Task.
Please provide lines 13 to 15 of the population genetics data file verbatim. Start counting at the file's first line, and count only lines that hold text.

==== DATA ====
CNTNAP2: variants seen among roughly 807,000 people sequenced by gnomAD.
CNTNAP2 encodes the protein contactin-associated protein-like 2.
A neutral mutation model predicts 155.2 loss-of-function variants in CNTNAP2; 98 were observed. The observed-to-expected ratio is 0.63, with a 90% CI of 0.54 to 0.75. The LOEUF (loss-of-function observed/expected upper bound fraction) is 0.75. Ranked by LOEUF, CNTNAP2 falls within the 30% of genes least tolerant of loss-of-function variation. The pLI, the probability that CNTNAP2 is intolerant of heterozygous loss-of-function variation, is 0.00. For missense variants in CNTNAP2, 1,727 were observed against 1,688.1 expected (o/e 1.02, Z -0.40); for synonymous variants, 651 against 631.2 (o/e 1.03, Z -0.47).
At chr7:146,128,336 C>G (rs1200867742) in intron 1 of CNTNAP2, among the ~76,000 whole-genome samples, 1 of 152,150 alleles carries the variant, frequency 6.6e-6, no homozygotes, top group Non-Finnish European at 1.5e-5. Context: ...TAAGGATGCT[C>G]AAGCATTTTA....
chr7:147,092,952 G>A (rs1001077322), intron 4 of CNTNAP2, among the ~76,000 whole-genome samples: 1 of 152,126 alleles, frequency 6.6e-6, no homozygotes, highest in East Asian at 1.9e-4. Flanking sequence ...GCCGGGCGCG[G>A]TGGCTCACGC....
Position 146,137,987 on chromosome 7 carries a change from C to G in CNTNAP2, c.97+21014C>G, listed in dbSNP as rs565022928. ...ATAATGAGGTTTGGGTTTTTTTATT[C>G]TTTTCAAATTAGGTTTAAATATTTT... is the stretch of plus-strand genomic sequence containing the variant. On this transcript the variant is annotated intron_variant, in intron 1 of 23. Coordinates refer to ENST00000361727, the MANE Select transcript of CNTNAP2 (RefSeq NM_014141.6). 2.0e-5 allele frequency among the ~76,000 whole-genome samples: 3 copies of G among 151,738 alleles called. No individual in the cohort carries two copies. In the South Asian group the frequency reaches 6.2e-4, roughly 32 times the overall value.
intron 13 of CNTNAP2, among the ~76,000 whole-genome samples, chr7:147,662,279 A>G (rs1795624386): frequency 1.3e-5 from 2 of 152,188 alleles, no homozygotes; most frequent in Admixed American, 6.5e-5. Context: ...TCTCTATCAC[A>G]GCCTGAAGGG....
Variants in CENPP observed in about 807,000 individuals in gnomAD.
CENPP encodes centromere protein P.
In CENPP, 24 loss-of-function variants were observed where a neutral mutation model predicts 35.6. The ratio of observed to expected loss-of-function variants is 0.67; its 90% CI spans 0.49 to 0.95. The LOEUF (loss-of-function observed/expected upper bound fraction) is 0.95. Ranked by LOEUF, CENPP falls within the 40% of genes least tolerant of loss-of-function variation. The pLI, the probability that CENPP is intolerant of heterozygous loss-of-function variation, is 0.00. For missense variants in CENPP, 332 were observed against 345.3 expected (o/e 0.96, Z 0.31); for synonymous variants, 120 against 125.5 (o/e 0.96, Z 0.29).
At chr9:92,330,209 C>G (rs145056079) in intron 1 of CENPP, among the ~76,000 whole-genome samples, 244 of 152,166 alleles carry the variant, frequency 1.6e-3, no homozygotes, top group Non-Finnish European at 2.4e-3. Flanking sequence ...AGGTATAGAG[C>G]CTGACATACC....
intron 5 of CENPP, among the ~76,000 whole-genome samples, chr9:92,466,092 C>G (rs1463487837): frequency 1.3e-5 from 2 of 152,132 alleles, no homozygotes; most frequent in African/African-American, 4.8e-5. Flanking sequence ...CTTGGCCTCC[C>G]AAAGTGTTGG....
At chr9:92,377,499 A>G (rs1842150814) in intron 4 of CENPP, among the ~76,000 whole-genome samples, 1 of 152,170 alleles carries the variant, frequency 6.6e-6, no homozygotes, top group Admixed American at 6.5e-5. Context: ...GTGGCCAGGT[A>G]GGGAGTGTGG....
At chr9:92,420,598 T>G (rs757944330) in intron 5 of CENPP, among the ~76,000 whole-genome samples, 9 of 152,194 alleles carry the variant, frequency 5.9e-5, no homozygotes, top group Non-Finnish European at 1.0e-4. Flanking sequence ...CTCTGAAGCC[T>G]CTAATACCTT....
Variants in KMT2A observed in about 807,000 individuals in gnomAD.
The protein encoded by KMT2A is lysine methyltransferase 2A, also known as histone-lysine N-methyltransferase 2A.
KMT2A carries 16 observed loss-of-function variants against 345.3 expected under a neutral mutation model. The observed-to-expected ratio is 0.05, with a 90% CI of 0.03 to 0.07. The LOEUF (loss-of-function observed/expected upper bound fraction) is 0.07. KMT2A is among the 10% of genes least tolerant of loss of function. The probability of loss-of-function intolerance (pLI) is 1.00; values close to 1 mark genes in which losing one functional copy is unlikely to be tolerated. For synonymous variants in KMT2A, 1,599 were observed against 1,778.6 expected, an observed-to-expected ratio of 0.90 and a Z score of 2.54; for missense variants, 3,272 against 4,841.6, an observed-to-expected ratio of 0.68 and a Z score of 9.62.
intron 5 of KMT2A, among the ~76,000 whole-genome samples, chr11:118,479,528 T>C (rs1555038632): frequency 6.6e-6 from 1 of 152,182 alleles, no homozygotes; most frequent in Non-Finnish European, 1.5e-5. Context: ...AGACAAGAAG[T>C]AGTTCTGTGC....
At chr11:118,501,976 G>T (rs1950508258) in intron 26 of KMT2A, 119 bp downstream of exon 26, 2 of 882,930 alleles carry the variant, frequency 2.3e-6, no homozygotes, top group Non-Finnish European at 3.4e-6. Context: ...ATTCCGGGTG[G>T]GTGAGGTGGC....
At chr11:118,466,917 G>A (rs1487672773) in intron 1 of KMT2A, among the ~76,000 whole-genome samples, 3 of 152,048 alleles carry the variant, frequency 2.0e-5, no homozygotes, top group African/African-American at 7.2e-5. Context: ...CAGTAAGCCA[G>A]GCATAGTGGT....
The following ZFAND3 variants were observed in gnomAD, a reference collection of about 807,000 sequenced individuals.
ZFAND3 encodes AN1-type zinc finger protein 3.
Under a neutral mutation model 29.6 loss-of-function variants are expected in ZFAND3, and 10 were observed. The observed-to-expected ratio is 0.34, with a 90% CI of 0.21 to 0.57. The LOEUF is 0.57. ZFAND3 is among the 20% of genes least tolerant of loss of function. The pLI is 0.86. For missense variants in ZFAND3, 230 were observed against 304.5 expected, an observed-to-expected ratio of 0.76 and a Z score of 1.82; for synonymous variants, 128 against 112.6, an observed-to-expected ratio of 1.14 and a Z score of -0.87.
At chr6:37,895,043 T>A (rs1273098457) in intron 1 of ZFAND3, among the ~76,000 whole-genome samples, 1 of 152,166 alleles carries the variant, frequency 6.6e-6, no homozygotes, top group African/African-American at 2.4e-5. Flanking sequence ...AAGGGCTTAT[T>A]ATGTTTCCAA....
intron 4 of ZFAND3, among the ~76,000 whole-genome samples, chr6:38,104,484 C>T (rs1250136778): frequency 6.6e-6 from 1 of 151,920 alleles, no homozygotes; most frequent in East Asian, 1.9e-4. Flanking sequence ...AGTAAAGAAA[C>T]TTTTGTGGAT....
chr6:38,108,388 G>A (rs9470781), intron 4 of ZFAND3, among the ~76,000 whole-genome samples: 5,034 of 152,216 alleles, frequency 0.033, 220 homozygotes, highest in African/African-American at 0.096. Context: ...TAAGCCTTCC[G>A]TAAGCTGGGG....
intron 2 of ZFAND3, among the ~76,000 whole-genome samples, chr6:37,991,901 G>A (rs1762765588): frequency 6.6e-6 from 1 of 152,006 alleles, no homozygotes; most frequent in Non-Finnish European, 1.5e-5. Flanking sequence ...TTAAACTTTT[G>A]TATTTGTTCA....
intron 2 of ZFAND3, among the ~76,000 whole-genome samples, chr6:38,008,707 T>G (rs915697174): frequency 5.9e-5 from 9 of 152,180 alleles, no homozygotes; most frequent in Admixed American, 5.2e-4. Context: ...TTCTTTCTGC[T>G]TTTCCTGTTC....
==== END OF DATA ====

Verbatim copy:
At chr9:92,377,499 A>G (rs1842150814) in intron 4 of CENPP, among the ~76,000 whole-genome samples, 1 of 152,170 alleles carries the variant, frequency 6.6e-6, no homozygotes, top group Admixed American at 6.5e-5. Context: ...GTGGCCAGGT[A>G]GGGAGTGTGG....
At chr9:92,420,598 T>G (rs757944330) in intron 5 of CENPP, among the ~76,000 whole-genome samples, 9 of 152,194 alleles carry the variant, frequency 5.9e-5, no homozygotes, top group Non-Finnish European at 1.0e-4. Flanking sequence ...CTCTGAAGCC[T>G]CTAATACCTT....
Variants in KMT2A observed in about 807,000 individuals in gnomAD.